- A record-breaking 468,000 customers lost power due to a system-wide outage Tuesday
- 18,500 people are still in the dark
- Power supply in Los Altos will resume only by Saturday
Empty restaurants, gridlock traffic, non-functional ATMs and thousands of residences without power. To see also : Inside Channing Tatum, Ex-Wife Jenna Dewan’s Beverly Hills Mansion That They Are Selling For $6 Million. This was how life looked like for people in San Francisco Bay Area since Tuesday’s atmospheric river.
California electric utility and natural gas provider PG&E said a record-breaking 468,000 customers lost power due to a system-wide outage Tuesday, a situation that hadn’t occurred since 1995.
The company managed to restore power for all customers in North Bay’s Napa and Marin counties by Thursday afternoon and announced that crews were sent to support repair work in the South Bay, where power restoration might take days, ABC7 reported. Customers in Los Altos were informed that power would return to their homes only by Saturday.
Eleven atmospheric river events affected California this year. An atmospheric river storm impacted Northern California on Monday and moved to Central and Southern California on Tuesday. Since the past weekend, about 30 million people across the state were also under flood alerts.
“We weren’t expecting it to be as bad as we’re seeing it,” Monterey Mayor Tyller Williamson told CNN on Monday.
Parts of the state were already reeling from powerful snowfall and rain storms, coupled with hurricane-force winds, prompting the National Weather Service’s Weather Prediction Center to issue a Level 4 warning of excessive rainfall in the area on March 10. At least two people died after storms inundated the state and nearly 10,000 residents were ordered to evacuate.
When will power supply resume?
Aaron Johnson, PG&E’s vice president of Bay Area region said crews were working to restore power to every customer safely and quickly, adding that power supply resumed in 93% of homes. More than 430 crews are working round the clock to restore power for the remaining customers.
The company, in another update, said at least 18,500 customers continue to remain without power, primarily in Santa Clara and San Mateo counties.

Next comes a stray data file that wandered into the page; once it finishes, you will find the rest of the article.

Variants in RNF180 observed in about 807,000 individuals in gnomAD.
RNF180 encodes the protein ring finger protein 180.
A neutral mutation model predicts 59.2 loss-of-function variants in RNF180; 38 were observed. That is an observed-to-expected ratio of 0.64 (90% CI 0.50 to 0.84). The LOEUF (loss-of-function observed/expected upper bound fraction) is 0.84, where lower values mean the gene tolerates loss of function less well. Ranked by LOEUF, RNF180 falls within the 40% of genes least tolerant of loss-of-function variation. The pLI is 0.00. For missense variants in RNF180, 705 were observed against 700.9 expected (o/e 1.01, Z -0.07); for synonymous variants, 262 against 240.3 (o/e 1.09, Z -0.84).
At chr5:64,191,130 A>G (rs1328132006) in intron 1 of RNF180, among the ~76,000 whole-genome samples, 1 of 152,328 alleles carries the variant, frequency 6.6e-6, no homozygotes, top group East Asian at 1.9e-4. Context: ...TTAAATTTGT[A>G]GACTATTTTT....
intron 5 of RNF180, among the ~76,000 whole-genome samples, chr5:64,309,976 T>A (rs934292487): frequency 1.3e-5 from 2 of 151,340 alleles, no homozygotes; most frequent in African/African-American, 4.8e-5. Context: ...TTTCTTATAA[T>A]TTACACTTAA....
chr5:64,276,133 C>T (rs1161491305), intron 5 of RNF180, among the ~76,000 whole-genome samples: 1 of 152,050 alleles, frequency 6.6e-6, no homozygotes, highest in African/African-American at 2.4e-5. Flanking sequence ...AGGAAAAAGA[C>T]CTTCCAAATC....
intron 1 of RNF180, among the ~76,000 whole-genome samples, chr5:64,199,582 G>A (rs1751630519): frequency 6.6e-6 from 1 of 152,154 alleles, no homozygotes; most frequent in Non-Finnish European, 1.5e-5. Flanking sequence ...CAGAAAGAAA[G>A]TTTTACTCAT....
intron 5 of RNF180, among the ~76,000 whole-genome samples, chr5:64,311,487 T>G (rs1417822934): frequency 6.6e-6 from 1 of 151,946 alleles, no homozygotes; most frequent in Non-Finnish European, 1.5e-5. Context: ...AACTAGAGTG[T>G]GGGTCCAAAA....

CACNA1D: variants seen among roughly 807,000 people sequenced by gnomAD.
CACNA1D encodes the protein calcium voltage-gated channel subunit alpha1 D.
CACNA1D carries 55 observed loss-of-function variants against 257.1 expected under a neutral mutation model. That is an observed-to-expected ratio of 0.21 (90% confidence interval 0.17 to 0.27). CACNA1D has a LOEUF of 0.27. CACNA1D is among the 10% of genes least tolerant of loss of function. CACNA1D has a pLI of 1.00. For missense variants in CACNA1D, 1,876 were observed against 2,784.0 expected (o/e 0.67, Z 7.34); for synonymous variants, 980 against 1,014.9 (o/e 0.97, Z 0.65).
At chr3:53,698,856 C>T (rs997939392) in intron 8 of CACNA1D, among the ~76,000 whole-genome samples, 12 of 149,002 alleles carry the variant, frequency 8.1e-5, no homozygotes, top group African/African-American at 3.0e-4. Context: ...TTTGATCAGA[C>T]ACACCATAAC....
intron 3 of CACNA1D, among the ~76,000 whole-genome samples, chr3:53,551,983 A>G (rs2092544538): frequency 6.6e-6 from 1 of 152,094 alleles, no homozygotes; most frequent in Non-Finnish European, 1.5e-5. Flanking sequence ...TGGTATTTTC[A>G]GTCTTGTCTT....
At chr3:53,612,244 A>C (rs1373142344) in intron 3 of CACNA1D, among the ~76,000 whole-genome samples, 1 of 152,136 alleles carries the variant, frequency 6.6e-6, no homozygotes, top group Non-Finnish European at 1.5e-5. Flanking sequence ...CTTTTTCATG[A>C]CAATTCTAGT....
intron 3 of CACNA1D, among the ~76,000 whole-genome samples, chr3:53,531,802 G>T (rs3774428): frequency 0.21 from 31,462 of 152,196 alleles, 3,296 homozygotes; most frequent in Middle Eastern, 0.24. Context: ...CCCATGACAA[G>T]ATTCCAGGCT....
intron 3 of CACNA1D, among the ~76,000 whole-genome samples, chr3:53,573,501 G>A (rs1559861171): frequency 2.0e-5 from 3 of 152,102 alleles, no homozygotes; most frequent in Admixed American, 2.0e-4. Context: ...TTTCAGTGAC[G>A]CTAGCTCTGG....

Restaurant owners seemed to be the worst affected.
“It’s been like hell actually,” Manish Tyagi, the owner of Aurum restaurant in Los Altos, told KTVU. “If there is no internet, no power, you’re actually doing nothing. You’re not doing any business. I have a family of four – two kids and having a family of 15 people here [at the restaurant]. They are completely dependent on us.”
Jan Unlu, the owner of Caff La Scala, told ABC7 that the projected food and business loss these days will cost him $34,000. Vickie Breslin, who owns The Post restaurant, said she rented a 28-foot refrigerator truck a day after her business lost power.
“We temperature-checked everything and got it in and started asking our neighbors if they needed to store anything too,” she noted. “I can cry about this or we can turn it into something positive for the community and for everybody around because you know what else are you going to do.”
Apart from businesses, residents dependent on electricity for survival and their day-to-day needs have been hit hard by the power outage.
“We don’t have refrigeration, we don’t have stoves, no heat,” Los Altos resident Fran Vella said, adding that her husband, who depends on a walker, hasn’t been able to leave the second floor of their home as the elevator needs power to function. “It’s amazing how much you miss power when you realize you don’t have it.”